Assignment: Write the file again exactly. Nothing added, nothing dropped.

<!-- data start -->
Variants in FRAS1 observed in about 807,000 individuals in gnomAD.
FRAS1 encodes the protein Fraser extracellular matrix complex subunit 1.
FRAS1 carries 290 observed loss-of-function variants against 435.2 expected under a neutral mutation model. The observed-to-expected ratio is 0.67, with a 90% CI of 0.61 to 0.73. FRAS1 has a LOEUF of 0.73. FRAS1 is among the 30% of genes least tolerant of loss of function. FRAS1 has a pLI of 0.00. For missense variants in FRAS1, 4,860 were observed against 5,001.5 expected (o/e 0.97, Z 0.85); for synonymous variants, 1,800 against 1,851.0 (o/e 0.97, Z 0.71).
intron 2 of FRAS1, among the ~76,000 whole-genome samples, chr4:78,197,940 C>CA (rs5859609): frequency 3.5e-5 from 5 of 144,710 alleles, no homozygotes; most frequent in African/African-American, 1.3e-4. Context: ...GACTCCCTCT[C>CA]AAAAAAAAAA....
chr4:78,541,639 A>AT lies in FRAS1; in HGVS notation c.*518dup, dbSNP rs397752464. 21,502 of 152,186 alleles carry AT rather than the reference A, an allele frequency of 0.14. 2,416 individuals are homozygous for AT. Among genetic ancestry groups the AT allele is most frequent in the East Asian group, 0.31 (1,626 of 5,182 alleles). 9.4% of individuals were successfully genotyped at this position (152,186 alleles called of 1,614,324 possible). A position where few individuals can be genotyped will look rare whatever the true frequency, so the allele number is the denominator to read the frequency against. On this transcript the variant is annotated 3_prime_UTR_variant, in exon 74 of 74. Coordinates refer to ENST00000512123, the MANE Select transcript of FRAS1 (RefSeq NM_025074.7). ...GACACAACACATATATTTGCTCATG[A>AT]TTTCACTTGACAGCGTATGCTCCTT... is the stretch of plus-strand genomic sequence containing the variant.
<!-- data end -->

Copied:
Variants in FRAS1 observed in about 807,000 individuals in gnomAD.
FRAS1 encodes the protein Fraser extracellular matrix complex subunit 1.
FRAS1 carries 290 observed loss-of-function variants against 435.2 expected under a neutral mutation model. The observed-to-expected ratio is 0.67, with a 90% CI of 0.61 to 0.73. FRAS1 has a LOEUF of 0.73. FRAS1 is among the 30% of genes least tolerant of loss of function. FRAS1 has a pLI of 0.00. For missense variants in FRAS1, 4,860 were observed against 5,001.5 expected (o/e 0.97, Z 0.85); for synonymous variants, 1,800 against 1,851.0 (o/e 0.97, Z 0.71).
intron 2 of FRAS1, among the ~76,000 whole-genome samples, chr4:78,197,940 C>CA (rs5859609): frequency 3.5e-5 from 5 of 144,710 alleles, no homozygotes; most frequent in African/African-American, 1.3e-4. Context: ...GACTCCCTCT[C>CA]AAAAAAAAAA....
chr4:78,541,639 A>AT lies in FRAS1; in HGVS notation c.*518dup, dbSNP rs397752464. 21,502 of 152,186 alleles carry AT rather than the reference A, an allele frequency of 0.14. 2,416 individuals are homozygous for AT. Among genetic ancestry groups the AT allele is most frequent in the East Asian group, 0.31 (1,626 of 5,182 alleles). 9.4% of individuals were successfully genotyped at this position (152,186 alleles called of 1,614,324 possible). A position where few individuals can be genotyped will look rare whatever the true frequency, so the allele number is the denominator to read the frequency against. On this transcript the variant is annotated 3_prime_UTR_variant, in exon 74 of 74. Coordinates refer to ENST00000512123, the MANE Select transcript of FRAS1 (RefSeq NM_025074.7). ...GACACAACACATATATTTGCTCATG[A>AT]TTTCACTTGACAGCGTATGCTCCTT... is the stretch of plus-strand genomic sequence containing the variant.